But how? How will God accomplish this? How can the just judge reward sinners simply because the Shepherd has gathered them? Is this fair? Either that is the question that is answered in the rest of the chapter, or God is cutting off any questions before they can even be asked. It is stylistically very similar to how God answers Job, which isn’t surprising, since God answered Job’s complaint about the unfairness of his situation. There are also similarities between this and Romans 9-11, where Paul is heading off the exact question of fairness regarding God’s salvation. And the answer here is the same as it is in those two places: no one has the right to question God!
In verses 12, Isaiah asks Who created the world (see Job 38:4-11). Paul actually quotes verse 13 in Romans 11:34 (as well as 1 Cor 2:16). In verse 14, we see that God does not know what is true and what is just, rather, what is true and what is just are those things because of Who God is! In verses 15-17, we see how much higher – infinitely higher! – than His creation God is. So what can men compare God to (v. 18)? Well, the answer is nothing. But God tells us what we try to compare Him to: idols. Idols are made by men. the rich can get gold idols (v. 19). The poor use wood (v. 20). In other words, instead of honoring God as incomprehensible Creator in Whose image we are made, man would rather make Him in our image.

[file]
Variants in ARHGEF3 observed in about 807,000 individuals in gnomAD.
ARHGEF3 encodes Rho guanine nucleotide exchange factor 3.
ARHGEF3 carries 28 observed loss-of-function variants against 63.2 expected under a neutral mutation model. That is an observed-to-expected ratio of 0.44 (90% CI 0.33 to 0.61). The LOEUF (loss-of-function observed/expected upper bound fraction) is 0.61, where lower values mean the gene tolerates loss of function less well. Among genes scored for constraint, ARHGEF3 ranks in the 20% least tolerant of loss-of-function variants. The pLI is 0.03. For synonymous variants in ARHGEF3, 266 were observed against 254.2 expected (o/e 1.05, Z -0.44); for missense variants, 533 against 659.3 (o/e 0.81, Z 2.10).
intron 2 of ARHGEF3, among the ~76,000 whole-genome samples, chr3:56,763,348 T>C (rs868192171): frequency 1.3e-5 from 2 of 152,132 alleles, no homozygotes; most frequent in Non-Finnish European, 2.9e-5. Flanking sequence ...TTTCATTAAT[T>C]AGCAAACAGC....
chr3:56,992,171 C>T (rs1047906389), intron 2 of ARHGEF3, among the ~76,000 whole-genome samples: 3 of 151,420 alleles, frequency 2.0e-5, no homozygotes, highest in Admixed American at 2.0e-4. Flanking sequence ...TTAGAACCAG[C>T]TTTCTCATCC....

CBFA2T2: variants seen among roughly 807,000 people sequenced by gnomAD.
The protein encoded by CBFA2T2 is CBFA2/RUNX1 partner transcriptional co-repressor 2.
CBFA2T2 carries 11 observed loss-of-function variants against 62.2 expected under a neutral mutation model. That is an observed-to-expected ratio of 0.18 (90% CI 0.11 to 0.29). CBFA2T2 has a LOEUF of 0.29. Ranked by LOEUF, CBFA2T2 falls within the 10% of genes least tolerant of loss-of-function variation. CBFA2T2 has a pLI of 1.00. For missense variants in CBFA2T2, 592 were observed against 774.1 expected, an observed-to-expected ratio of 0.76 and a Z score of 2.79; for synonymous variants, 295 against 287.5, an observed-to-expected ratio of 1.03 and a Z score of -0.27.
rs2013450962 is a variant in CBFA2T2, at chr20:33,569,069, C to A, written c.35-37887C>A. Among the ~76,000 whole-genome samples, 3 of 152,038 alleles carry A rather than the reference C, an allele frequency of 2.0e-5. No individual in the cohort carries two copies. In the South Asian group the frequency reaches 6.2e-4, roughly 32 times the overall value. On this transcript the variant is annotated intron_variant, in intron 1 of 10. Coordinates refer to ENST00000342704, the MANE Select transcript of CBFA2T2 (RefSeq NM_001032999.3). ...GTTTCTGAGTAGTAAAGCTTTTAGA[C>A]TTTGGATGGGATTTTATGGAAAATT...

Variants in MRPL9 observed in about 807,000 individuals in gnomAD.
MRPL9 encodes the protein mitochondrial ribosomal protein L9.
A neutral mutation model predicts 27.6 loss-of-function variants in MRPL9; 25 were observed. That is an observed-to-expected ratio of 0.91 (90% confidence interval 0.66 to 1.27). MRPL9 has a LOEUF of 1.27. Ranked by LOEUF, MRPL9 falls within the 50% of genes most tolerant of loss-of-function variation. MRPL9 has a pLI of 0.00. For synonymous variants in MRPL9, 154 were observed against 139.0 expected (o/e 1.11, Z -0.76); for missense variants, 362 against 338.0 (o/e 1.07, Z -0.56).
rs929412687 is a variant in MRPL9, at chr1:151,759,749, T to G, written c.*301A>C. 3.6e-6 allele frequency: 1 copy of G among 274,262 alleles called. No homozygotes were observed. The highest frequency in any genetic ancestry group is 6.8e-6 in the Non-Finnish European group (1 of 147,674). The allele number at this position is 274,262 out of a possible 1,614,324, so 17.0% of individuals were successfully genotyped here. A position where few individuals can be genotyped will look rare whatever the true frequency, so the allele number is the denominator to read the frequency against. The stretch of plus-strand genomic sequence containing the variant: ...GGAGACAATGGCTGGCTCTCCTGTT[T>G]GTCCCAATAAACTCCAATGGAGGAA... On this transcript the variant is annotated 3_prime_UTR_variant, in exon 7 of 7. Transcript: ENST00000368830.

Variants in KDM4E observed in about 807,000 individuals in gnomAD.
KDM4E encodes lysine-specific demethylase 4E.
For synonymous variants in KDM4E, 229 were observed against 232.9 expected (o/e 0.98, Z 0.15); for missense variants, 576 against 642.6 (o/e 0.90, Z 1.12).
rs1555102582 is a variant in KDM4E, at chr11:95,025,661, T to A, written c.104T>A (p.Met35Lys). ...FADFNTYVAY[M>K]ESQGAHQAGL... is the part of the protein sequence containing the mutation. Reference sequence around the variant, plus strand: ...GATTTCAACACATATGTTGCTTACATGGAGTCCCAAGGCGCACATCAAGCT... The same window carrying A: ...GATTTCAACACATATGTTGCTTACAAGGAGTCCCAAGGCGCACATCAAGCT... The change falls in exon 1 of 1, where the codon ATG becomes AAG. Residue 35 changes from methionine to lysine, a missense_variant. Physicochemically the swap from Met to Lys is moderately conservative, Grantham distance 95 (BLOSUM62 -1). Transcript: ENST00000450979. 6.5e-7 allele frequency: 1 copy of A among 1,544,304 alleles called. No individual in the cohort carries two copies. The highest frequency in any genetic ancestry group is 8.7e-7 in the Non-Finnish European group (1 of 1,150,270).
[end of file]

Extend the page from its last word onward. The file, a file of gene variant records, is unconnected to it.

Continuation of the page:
In verse 22, we see that God sits above the earth. That’s heaven. And heaven is compared to both a tent and a curtain. This points to the fact that the Tabernacle (and the Temple, for that matter) were made to image heaven, where God properly dwells. And where He dwells is behind a curtain, symbolized by the veil that separated Him (as represented by the Ark) from men. Verse 23 echoes Job 12:21.
God then once again asks who He can be compared to (v. 25). The answer is still nothing. Yet, Israel believes God actually owes them something (v. 27). They placed themselves over God! They believed their physical lineage gave them “rights.” They still thought that in Jesus’s day. This is the type of thinking Paul corrected in Romans 9-11. God gave them everything (not as a right, but of grace). And they forsook Him. But those whom God saves through the Shepherd (from verse 11), these are the weak that God will make strong (v. 29), while the strong will be made weak (v. 30). Those who do not work but wait on God will be given this strength (v. 31).